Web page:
It’s easy to feel alone when building your own freelance career or starting a business. (Cue All By Myself here, if you feel the need to dwell in the loneliness.) When you approach it like a lone wolf, you’re more likely to burn out and get overwhelmed. It doesn’t need to be this way!
Building autonomy doesn’t actually mean living and working in a vacuum. Making it on your own actually involves other people. Right now, I’d like to make the case for having accountability partners or joining a mastermind group. These are small groups of like-minded folks with similar goals who check in on a regular basis to keep each other motivated.
If you’re tired of going it alone, but aren’t sure whether this is the right approach for you, allow me to offer three ways that asking for help is beneficial. However, before that, let’s take a look at how you find accountability partners in the first place.
Tom: The following is a guest post by Monika Tudja, Head of Business Development at Fried.com – a platform dedicated to educating individuals on how to protect their online privacy. As you might have guessed, Monika is passionate about online privacy, cyber-security, and keeping the web ‘free’ for everyone around the globe.
People say that experience is the best teacher, and while they’re mostly right, it certainly would be nice not to have to learn everything the hard way. When it comes to mastering the balance between work and life, this maxim rings particularly true. Striking this challenging harmony is hard – ask any overworked person and they’ll be happy to tell you the same.
The key to avoiding this issue is to be mindful of how others around you deal with it, as well as those who have come before. You can take their experiences as references for what (and what not) to do.
In this article, I’ll discuss the four main mistakes I made in my past, then tell you how I tackled each of them. Join me for a walk down memory lane!
10Failure is a scary word. It’s easy to be optimistic upfront, telling ourselves that whatever we’re doing is a great learning opportunity. However, once failure inevitably hits, it hurts much worse than we imagined. Moving forward doesn’t sound quite as nice as forgetting disappointment ever happened, and jumping ship.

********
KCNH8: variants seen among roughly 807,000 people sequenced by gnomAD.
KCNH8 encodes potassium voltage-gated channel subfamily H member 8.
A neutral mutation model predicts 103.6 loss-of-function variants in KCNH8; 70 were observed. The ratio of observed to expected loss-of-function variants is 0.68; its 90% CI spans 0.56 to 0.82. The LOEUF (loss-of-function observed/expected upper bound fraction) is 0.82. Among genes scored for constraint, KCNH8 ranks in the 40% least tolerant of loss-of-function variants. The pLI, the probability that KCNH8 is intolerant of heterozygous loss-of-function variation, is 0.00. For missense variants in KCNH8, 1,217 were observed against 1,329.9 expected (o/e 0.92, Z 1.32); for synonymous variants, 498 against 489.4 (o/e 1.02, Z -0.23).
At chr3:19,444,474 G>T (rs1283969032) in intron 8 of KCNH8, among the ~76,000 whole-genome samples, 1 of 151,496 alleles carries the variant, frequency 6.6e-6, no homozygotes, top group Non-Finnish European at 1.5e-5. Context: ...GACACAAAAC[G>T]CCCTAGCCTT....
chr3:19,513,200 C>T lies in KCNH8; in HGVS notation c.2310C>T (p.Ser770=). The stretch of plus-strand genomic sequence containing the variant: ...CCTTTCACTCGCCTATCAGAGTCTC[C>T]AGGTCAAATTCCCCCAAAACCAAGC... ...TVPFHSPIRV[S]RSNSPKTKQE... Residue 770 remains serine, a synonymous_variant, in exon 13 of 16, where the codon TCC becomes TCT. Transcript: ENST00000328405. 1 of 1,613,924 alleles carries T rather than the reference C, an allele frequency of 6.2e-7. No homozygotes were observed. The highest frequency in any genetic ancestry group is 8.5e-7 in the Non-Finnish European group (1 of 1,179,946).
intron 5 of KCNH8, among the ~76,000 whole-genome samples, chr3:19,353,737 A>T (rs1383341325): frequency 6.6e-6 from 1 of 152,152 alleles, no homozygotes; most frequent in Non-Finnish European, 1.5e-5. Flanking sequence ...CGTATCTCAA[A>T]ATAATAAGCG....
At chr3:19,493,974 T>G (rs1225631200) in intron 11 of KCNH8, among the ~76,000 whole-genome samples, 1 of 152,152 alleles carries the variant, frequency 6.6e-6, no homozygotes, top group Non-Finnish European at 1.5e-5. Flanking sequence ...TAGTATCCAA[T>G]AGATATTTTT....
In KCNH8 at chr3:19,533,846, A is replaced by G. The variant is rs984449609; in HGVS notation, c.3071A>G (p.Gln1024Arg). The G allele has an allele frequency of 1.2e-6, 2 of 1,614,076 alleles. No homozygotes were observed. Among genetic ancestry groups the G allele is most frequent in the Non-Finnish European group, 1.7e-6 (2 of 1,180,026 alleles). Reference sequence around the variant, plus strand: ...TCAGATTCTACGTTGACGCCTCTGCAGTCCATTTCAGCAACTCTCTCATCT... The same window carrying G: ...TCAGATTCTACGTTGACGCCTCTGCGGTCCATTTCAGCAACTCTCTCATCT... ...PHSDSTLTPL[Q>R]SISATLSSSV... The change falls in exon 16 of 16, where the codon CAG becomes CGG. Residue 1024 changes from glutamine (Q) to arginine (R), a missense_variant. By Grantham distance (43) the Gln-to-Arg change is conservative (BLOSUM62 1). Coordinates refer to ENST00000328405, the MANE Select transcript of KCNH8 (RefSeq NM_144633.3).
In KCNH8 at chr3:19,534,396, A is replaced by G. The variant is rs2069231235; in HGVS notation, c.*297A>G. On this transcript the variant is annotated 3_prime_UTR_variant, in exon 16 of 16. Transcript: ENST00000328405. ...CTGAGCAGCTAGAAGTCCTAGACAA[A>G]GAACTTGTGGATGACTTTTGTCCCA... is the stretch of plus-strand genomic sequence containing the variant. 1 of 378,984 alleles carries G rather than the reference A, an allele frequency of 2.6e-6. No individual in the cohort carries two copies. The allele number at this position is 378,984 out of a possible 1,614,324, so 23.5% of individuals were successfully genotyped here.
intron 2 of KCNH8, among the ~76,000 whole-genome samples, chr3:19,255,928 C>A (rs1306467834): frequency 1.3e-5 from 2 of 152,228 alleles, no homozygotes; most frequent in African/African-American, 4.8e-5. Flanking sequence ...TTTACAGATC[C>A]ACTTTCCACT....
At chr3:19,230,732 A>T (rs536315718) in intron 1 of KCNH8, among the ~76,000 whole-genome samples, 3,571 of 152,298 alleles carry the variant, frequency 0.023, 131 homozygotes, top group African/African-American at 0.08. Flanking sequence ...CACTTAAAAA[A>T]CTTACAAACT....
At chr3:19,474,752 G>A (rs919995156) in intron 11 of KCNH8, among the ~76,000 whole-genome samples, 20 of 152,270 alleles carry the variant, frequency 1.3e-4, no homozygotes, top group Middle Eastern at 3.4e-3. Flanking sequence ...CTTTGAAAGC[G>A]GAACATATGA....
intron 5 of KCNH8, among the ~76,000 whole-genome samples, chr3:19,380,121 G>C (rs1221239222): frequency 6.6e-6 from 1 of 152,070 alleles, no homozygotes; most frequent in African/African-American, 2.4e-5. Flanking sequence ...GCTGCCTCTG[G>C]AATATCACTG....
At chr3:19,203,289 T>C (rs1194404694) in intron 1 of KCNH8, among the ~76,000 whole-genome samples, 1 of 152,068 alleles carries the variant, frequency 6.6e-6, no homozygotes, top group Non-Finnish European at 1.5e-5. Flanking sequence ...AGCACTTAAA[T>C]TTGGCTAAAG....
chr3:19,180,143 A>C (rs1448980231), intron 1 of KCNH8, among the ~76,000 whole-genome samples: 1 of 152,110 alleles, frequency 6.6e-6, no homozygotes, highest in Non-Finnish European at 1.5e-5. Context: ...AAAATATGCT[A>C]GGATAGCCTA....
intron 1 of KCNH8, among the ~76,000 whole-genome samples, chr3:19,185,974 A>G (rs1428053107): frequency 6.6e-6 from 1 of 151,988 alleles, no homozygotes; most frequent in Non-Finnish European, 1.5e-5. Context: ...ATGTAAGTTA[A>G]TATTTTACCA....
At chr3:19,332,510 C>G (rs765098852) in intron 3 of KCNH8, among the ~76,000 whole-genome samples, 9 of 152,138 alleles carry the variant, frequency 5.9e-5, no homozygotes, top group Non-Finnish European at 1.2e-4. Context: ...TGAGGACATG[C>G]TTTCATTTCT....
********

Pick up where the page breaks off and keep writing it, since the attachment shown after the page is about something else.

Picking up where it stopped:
Unfortunately, some level of failure is inevitable anytime you try to achieve something. It doesn’t matter how good your intentions are, how talented you are, or what a great person you are. To succeed, you’ll need to push through the temptation of quitting, and simply keep showing up.
It is a simple enough plan, but that doesn’t make it easy. In this piece, I’d like to offer you three common situations that make you feel like quitting, then show you how to get through them.
While it sure beats working in a regular office, freelancing can still turn into a daily grind, leaving you little time to evaluate your business and work on larger projects. That’s a shame, since stepping away from your work every once in a while can have huge payoffs, both personally and financially.
To give yourself some much-needed space, why not take a solo work retreat? It’s like a vacation, but with the express purpose of evaluating your business and pursuing projects you don’t normally have time for. What’s more, you’ll return refreshed and energized, brimming with new ideas and a renewed understanding of how to develop your business going forward.
In this post, I’ll explain why taking a solo work retreat is one of the best things you can do for your business. I’ll cover everything you need to know to make the retreat a success, including choosing the perfect location, making room in your schedule to take the retreat, and how to structure each day you’re away.
Let’s get started!
Freelancing from home sounds like a dream come true to many of those stuck in a nine-to-five job, but it comes with its own set of physical and mental hurdles that are not apparent at first glance.
Learning how to deal with these downsides is perhaps the biggest challenge you’ll tackle as a freelancer, but it can be done – if you’re willing to make some changes to your lifestyle.
In my case – and maybe yours – the three greatest hurdles are isolation, a lack of exercise, and mental fatigue. Let’s talk a bit about each, how I’ve dealt with them, and how you can too!